Friday Tips: New York: What It Means To You, and Us


To be honest, I can’t say whether any of my artists will ever be adopted as the latest rage in Soho or Chelsea, which are tough places to figure and even tougher to break into.  To be even more honest, we haven’t approached any as yet, since my strategies have always focused on artists and collectors west of the Hudson.  Some of my artists would undoubtedly do well in New York, once I get around to setting that gig up.  I just haven’t had time and we haven’t needed it.  I love the town, but being or not being a part of the New York scene doesn’t determine our success.

Many galleries on the Soho/Chelsea front carry magnificent work that, to me, reflect all the values I discuss in my book.  Just as cool, I’ve met scores of New York dealers who fully realize that where one lives is not a determiner of talent.  These folks know they can as readily make their next great discovery in rural Alabama as The Village.

But others who are caught up in the fame machine appear absurd, even ludicrous, for their courting of what they hope will be hip at the expense of everything else, especially talent.  Not only will they ignore the artist from Alabama, but also those from Brooklyn, Harlem, or the Lower East Side—unless they have an entourage.  This excessive posturing seems to bear little substance beyond name recognition, money, and some warped idea of celebrity.  Talent and discipline are often last considerations in these sorts of galleries, superseded by what has tragically become a primary consideration—image.


The most curious thing is that despite its aura of self-importance, this small portion of the New York scene has minimal impact on the rest of the country.  Soho and Chelsea, amazing places though they are, represent only a small fraction of what is now occurring in the arts in America.  And while exhibitions like the Whitney Biennial are finally beginning to pay attention to artists in other regions, a good portion of the Manhattan scene is still under the delusion of assumed superiority based solely on location.  In truth, the New York mystique is what it is because of where it is, not exclusively because of what is carried there—although some of the finest work in America is indeed carried there.  But in my opinion the art world is no longer centered in New York; it began dispersing across the country in the early 90s, a tendency whose time had come, and which is now gaining real momentum.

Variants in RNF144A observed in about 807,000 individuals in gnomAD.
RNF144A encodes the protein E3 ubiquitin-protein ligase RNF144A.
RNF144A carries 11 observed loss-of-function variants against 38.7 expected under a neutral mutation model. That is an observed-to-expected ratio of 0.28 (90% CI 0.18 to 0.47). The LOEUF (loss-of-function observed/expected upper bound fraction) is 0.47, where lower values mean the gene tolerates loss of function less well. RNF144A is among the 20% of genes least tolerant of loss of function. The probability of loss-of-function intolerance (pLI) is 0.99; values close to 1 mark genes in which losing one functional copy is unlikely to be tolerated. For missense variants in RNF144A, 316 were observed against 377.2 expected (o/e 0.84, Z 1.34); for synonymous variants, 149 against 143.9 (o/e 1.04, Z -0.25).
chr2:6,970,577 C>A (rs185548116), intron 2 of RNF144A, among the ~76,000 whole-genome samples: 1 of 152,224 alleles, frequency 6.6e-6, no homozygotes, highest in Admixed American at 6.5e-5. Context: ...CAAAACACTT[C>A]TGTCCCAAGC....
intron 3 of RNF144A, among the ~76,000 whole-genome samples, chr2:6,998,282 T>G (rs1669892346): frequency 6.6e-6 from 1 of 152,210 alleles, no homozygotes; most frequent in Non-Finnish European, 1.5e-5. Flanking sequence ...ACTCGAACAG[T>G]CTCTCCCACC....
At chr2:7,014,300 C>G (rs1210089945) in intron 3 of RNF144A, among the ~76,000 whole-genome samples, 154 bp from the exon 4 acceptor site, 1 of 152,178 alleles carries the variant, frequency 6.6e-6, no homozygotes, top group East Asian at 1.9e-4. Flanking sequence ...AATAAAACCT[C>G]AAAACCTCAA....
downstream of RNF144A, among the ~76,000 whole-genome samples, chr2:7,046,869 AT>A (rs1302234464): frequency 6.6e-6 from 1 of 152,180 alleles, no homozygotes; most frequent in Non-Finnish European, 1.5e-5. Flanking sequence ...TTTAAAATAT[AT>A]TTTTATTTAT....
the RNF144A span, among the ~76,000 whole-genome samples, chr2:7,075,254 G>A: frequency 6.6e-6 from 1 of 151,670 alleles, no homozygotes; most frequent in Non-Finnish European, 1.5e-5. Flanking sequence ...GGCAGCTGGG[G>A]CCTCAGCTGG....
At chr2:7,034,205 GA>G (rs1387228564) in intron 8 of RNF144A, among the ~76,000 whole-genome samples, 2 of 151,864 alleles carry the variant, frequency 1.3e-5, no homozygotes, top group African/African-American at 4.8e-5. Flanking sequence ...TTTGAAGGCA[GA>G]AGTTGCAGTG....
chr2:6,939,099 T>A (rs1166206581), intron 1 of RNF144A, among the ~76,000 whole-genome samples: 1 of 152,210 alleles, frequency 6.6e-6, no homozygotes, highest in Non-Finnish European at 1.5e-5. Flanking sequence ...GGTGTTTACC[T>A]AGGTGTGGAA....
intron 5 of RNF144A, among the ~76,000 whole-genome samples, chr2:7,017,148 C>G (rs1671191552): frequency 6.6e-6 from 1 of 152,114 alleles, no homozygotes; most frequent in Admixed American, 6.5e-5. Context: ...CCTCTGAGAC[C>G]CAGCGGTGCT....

From the 1840s onward, Manhattan was necessarily the center of America’s art universe.  I mean, where else would Childe Hassom and Diane Arbus have centered their careers?  Kansas City?  We both know better.  And while artists like Judy Chicago and Wayne Thiebaud did very well by launching from California—another mecca of a different sort—without a nod from New York, their impact would certainly have been less significant.  The entire country, if not the entire world, has been enriched by the cultural wealth of Manhattan.  Whether an artist makes a pilgrimage there, or is indirectly influenced by its many movements, the place is incomparable.  That much is certain.  So is this: things have begun to change.

All the time New York was bearing its influence, the provincial regions were struggling to grow up and stand on their own cultural feet.  Now they’ve begun to, whether in fine art, film, music, what-have-you.  The process is far from complete, but man it has come a long way in a very short time, spurred on by the internet, but also by the inevitable cultural maturing of the country itself.  Outsider art that used to occur mostly in places like The Village can be found in any city now; and whenever that is flourishing, it’s a sign that other disciplines are as well.  This is significant.  Why?  Because without that growth, the country as a whole can’t realize it’s own potential, and young artists in Houston or Milwaukee who can’t afford to live in New York (not that artists there can either), get a far better shot at a viable career.

Since the time of the 1913 Armory show, New York has been the launching pad for whatever was revolutionary, outrageous, or visionary.  It still is, but so are dozens of other cities.  They may not yet have the same cache as Manhattan, but because of the advantages of the internet and a burgeoning national art market (even in the midst of a recession), their influence is steadily growing.

This doesn’t mean that Soho and Chelsea will ever be replaced; I don’t see how they could be.  It does mean though that they are sometimes out of touch with the rest of the country.  This wasn’t so relevant in 1920; now it is critically relevant.  This also means that artists who have been locked out of the New York scene no longer have to look to Manhattan for blessing, consecration, or even approval.  Mutual respect on both sides would be a good thing though. 

I bring all this up because some of you may not be acquainted with the New York scene, yet will be curious about it if not intimidated.  I’m just giving you a brief introduction, and assuring you that your success can mirror or even eclipse ours, with or without New York.  You don’t necessarily need it to have a great career, but having that gig under your belt is often a fine thing if you can land it.

Still none of this changes my love for Manhattan, and the four surrounding boroughs.  I owe New York a great deal, since my years in and around the city had a profound influence on me.  In fact it’s safe to say that without that influence, I would not now be the art dealer or writer that I am.  That doesn’t mean, though, that I’m unwilling to be bluntly honest about the place; I would be doing you and myself a disservice if I was.   Besides, New Yorkers respect bluntness.

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